From the opening moments of Echolocation until its grim close, Gone Is Gone’s latest output is stronger than its debut EP. The sound evolved fast: While both releases combine post-hardcore and metal in a radio-friendly way, Echolocation reveals a band that’s fought hard to discover its own sound, even if that sound is still best described as an amalgam of simple-but-heavy rock.
The band fires best not when it sounds like a combination of its parts, but when the musicians let loose and do things that wouldn’t fit into their other projects. The first 30 seconds of “Pawns” are straight out of a nightmare, an insane drum solo with bass serving as a melodic counterpoint to the scratchiness of Troy Van Leeuwen’s guitar. None of it would fit a description of At The Drive-In, Queens Of The Stone Age, or Mastodon, and it all comes together cleanly and crisply despite its hectic chaos. The blues-rock play of “Slow Awakening” into the blood-pumping “Fast Awakening” is a great one-two punch: It starts off like Southern-fried metal and evolves into a modern, hardcore “Highway Star.”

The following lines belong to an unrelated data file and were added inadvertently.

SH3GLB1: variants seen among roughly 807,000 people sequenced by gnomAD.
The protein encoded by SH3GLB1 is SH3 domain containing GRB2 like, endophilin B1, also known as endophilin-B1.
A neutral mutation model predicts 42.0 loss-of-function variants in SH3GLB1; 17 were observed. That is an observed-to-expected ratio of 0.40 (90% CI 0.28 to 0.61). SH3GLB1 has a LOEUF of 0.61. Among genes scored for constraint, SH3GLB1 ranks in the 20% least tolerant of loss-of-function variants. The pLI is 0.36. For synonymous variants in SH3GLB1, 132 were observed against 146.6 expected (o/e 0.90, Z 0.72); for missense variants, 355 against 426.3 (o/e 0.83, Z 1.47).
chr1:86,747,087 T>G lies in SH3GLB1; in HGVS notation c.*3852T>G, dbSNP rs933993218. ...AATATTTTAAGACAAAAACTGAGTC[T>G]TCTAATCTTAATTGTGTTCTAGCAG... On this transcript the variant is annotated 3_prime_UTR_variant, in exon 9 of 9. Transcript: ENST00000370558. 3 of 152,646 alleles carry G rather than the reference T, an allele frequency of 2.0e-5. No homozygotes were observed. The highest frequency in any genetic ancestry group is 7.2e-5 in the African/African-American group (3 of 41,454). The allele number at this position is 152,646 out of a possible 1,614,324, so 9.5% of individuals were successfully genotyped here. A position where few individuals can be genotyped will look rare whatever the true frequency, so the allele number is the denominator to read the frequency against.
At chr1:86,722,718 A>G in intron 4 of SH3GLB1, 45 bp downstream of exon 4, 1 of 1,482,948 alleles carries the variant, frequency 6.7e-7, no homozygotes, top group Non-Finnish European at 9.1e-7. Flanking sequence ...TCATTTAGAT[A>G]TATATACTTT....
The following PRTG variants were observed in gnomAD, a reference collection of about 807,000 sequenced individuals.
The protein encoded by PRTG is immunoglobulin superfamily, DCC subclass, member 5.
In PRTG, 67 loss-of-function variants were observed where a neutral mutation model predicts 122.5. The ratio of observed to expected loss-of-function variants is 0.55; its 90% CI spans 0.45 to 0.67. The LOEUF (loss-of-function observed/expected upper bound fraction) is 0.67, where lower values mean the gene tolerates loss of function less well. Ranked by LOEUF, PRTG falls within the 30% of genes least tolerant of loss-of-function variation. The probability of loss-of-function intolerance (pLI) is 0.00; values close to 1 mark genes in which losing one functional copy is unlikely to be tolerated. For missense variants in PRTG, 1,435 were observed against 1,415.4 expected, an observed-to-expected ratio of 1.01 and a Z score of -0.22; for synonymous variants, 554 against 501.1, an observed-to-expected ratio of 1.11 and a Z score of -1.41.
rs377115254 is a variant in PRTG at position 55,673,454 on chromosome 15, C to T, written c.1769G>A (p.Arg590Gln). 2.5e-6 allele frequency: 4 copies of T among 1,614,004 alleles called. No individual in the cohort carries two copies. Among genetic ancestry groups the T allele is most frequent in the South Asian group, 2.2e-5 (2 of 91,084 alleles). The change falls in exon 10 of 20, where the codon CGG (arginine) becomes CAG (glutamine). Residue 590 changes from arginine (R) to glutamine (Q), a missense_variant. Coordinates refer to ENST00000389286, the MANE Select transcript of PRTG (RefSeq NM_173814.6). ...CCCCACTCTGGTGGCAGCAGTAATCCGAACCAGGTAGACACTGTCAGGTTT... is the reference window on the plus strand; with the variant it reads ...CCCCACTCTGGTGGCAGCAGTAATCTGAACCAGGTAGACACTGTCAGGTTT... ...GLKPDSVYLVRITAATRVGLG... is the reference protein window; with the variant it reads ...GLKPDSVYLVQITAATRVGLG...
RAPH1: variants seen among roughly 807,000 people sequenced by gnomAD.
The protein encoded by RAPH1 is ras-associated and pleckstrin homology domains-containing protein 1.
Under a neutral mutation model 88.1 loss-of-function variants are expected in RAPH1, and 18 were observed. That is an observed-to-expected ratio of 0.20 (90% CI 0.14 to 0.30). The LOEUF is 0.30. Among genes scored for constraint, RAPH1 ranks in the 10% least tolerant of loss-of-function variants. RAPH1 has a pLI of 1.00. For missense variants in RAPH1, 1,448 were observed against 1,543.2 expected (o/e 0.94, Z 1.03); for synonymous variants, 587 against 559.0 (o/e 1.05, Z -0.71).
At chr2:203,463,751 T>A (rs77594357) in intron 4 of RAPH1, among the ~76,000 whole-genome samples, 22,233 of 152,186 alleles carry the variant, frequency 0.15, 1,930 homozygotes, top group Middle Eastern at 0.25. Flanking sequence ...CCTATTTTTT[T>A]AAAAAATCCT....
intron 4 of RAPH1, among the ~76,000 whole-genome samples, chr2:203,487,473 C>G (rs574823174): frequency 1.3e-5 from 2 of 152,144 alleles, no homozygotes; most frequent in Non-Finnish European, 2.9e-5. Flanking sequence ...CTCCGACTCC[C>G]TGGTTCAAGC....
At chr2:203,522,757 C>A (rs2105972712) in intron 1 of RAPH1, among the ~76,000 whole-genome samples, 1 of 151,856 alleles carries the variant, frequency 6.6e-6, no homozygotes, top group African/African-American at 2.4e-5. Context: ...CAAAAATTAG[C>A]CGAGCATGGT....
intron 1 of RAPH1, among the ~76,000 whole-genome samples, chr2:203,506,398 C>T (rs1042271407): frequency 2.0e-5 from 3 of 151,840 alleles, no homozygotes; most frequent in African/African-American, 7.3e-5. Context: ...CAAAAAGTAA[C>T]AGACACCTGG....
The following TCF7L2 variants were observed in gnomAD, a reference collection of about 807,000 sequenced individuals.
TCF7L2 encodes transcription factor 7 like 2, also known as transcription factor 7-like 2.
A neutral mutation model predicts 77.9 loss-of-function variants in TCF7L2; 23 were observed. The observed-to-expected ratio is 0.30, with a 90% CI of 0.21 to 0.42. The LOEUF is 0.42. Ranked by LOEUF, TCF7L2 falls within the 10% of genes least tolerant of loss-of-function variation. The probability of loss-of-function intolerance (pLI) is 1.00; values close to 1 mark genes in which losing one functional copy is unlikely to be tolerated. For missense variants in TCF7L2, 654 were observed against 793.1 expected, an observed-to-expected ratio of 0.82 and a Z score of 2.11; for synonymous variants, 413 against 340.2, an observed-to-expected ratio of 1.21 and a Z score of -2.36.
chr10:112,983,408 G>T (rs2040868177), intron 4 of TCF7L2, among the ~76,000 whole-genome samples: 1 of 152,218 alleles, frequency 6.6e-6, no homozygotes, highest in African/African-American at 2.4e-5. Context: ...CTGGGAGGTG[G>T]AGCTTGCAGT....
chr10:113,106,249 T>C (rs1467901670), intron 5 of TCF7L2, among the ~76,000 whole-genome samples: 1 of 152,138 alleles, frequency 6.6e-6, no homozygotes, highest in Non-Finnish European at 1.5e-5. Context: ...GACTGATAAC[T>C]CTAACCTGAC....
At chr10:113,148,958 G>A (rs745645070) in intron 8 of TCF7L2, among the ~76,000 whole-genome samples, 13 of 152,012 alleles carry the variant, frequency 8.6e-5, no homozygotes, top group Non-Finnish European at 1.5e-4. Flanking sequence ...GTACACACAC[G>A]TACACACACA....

Too often, Gone Is Gone betrays these fresh moments. The guitar often mirrors Van Leeuwen’s playing in Queens (it’d be impossible to avoid hearing Josh Homme’s influence on “Gift”). The bass playing, or at least the bone-crunching tone, from Troy Sanders matches some of the sounds heard on Mastodon records (and his voice is hard to separate from that project). When Gone Is Gone chooses to break form—even when it’s soft, like on “Resolve”—it’s great. But when the band members just combine their individual tendencies, Echolocation feels watered down.
Unfortunately, about half of the album’s 12 tracks could be described as comfortable, safe songwriting without the exploration that makes the band shine. Gone Is Gone will more than satisfy anyone who needs a good headbang; hopefully by its next release, the band will trim the fat and only show the leaner, more distinct parts of itself.